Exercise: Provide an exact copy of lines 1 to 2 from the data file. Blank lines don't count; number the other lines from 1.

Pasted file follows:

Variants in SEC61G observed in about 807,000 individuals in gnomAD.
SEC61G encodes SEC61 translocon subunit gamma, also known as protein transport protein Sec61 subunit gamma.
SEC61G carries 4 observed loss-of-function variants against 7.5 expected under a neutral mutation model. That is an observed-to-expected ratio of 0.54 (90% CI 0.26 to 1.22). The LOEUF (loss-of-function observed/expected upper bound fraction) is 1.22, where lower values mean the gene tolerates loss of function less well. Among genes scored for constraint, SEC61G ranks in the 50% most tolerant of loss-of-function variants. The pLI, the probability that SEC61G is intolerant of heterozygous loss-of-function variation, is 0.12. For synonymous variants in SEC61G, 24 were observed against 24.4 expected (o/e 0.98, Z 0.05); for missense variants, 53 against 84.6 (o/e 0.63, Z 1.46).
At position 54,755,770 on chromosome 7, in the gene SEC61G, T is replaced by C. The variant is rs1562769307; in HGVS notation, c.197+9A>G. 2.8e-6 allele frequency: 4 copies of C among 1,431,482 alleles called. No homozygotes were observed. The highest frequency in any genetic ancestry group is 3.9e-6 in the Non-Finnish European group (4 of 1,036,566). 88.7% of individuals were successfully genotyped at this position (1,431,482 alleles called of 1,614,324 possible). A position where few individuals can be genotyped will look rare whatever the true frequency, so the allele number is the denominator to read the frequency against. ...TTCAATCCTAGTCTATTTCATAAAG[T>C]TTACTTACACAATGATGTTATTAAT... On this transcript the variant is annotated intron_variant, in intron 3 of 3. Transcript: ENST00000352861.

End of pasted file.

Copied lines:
Variants in SEC61G observed in about 807,000 individuals in gnomAD.
SEC61G encodes SEC61 translocon subunit gamma, also known as protein transport protein Sec61 subunit gamma.